Fictional separation and views worked to reimagine fundamental concepts. The programs being proven go beyond the loosely connected processes that CSL was originally designed for. Significant new theoretical insights and soundness arguments were needed to justify the program-proof rules supporting the fine-grained concurrency examples.^{17} This led to a flowering of interest and new ideas which is still in progress. A recent survey on CSL provides many more references in addition to those mentioned here.^{9}

### Directions in Mechanized Reasoning

SL spawned new approaches to verification tools. In order to provide a taste of where the field has gone, we present a sampling of practical achievements; that is, we focus on the end points rather than the (important) advancements along the way that helped get there. Further references to the literature, including discussion on intermediate advances, may be found in the appendix (https://bit.ly/2CQD9CU).

*Mostly automatic verification. Smallfoot*,^{2} from Calcagno, Berdine, and O’Hearn, was the first SL verification tool. Given procedure pre/post specs, loop invariants and invariants governing lock usage, Smallfoot attempts to construct a proof. For the pointer-transferring buffer, given a buffer invariant and pre/post specs for put and `get it`

can verify memory safety and race freedom.

Smallfoot used a decidable fragment of SL dubbed “symbolic heap,” formulae of the form *B* ∧ *H* where *H* is a separating conjunction of heap facts and *B* is a Boolean assertion over non-heap data. The format was chosen to make in-place symbolic execution efficient. Smallfoot’s heap facts were restricted to points-to assertions, linked lists and trees. Subsequent works extended symbolic heaps in numerous directions, covering more inductive definitions as well as arrays and arithmetic; see appendix (https://bit.ly/2CQD9CU).

Some of the most substantial automatic verifications done with SL have been carried out with the VeriFast tool of Jacobs and colleagues. VeriFast employs a symbolic execution engine like Smallfoot, but integrates a dedicated SL theorem prover with a classical SMT solver for non-heap data. A paper reports on the verification of several industrial case studies, including Java Card programs and device drivers written in C;^{35} see VeriFast’s GitHub site for these and many other examples (https://github.com/verifast/verifast).

*Interactive verification.* In an automatic verifier like Smallfoot, the proof construction is automatic, given the pre/post annotations plus invariants. In interactive verification the human helps guide the proof search, commonly using a proof assistant such as Coq, HOL4, or Isabelle. Interactive verification can often prove stronger properties than automatic verifiers, but the cost is higher.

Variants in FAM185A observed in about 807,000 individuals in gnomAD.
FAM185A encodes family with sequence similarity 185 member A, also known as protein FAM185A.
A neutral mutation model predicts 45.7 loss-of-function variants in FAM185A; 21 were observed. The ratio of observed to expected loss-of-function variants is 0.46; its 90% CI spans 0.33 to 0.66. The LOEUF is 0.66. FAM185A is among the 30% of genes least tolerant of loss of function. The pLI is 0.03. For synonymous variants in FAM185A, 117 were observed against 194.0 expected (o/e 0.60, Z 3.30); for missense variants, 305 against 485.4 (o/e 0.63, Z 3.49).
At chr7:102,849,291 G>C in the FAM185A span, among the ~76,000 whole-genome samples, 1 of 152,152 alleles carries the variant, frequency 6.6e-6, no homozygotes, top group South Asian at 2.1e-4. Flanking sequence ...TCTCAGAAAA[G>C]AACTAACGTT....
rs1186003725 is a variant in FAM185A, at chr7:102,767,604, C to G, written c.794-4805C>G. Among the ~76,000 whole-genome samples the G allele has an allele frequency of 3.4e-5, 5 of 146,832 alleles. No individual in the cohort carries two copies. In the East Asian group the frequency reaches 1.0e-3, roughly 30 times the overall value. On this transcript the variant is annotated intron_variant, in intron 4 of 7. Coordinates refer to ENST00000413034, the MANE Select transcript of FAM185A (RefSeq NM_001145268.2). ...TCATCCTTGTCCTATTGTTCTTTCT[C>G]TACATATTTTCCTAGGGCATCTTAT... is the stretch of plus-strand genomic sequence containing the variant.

Interactive verifiers have been used to prove small, intricate algorithms. A recent paper reports on the verification of low-level concurrent algorithms including a CAS-lock, a ticketed lock, a GC allocator, and a non-blocking stack.^{39} An emphasis is placed on reusability; for instance, the stack uses the GC allocator, which in turn uses a lock, but the stack uses the spec of the allocator and the allocator uses the spec rather than the implementation of a lock.

The verifiable C logic^{1} has been used to prove crypto code. For example, OpenSSL’s HMAC authentication code, comprising 134 lines of *C*, was proven using 2,832 lines of Coq.^{4}

A larger example is the FSCQ file system.^{14} The code and the proof are both done in Coq, taking up 31k lines of proof+code. This compares to 3k lines of C for a related unverified file system. Although the initial effort, which included development of a program logic framework in Coq, took several person years, experiments show incremental, lower cost when modifying code+proof.

A commercial example concerns key modules of a preemptive OS kernel, the μC/OS-II.^{41} Modules verified include the scheduler, interrupt handlers, and message queues. 1.3k lines of C were proven using 216k lines of Coq. It took four person years to develop the framework, one-person year to prove the first module, and then the remaining modules, around 900 lines of C, took six person-months.

*Automatic program analysis.* With a verification-oriented program analysis the annotations that a human would supply to a mostly automatic verifier like Smallfoot—invariants and pre/post specs—are inferred. A tool will be able to prove weaker properties when the human is not supplying annotations, but can more easily be deployed broadly to many programmers.